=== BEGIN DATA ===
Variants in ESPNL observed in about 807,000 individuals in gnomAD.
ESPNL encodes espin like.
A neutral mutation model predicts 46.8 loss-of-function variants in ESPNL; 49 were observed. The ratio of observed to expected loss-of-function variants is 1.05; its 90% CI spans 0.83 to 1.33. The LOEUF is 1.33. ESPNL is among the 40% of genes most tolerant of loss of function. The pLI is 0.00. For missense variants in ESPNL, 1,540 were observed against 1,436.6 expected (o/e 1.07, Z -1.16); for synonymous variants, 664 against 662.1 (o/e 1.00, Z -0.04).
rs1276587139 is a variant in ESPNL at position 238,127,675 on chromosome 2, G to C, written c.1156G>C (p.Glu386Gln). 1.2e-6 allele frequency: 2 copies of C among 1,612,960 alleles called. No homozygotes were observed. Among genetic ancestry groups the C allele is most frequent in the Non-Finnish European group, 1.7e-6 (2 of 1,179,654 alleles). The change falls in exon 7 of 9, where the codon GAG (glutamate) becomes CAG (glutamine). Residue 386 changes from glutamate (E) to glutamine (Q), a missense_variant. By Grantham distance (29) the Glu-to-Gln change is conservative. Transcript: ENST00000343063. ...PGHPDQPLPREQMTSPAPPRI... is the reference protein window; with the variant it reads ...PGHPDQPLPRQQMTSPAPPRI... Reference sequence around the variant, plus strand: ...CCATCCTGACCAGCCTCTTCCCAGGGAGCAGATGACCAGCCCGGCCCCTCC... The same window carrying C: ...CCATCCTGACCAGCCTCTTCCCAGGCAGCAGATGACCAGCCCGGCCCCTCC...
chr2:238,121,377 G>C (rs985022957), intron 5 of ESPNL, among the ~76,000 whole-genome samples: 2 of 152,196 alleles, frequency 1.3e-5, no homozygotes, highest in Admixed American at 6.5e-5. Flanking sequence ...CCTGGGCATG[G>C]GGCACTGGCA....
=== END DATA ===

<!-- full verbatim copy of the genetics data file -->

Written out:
Variants in ESPNL observed in about 807,000 individuals in gnomAD.
ESPNL encodes espin like.
A neutral mutation model predicts 46.8 loss-of-function variants in ESPNL; 49 were observed. The ratio of observed to expected loss-of-function variants is 1.05; its 90% CI spans 0.83 to 1.33. The LOEUF is 1.33. ESPNL is among the 40% of genes most tolerant of loss of function. The pLI is 0.00. For missense variants in ESPNL, 1,540 were observed against 1,436.6 expected (o/e 1.07, Z -1.16); for synonymous variants, 664 against 662.1 (o/e 1.00, Z -0.04).
rs1276587139 is a variant in ESPNL at position 238,127,675 on chromosome 2, G to C, written c.1156G>C (p.Glu386Gln). 1.2e-6 allele frequency: 2 copies of C among 1,612,960 alleles called. No homozygotes were observed. Among genetic ancestry groups the C allele is most frequent in the Non-Finnish European group, 1.7e-6 (2 of 1,179,654 alleles). The change falls in exon 7 of 9, where the codon GAG (glutamate) becomes CAG (glutamine). Residue 386 changes from glutamate (E) to glutamine (Q), a missense_variant. By Grantham distance (29) the Glu-to-Gln change is conservative. Transcript: ENST00000343063. ...PGHPDQPLPREQMTSPAPPRI... is the reference protein window; with the variant it reads ...PGHPDQPLPRQQMTSPAPPRI... Reference sequence around the variant, plus strand: ...CCATCCTGACCAGCCTCTTCCCAGGGAGCAGATGACCAGCCCGGCCCCTCC... The same window carrying C: ...CCATCCTGACCAGCCTCTTCCCAGGCAGCAGATGACCAGCCCGGCCCCTCC...
chr2:238,121,377 G>C (rs985022957), intron 5 of ESPNL, among the ~76,000 whole-genome samples: 2 of 152,196 alleles, frequency 1.3e-5, no homozygotes, highest in Admixed American at 6.5e-5. Flanking sequence ...CCTGGGCATG[G>C]GGCACTGGCA....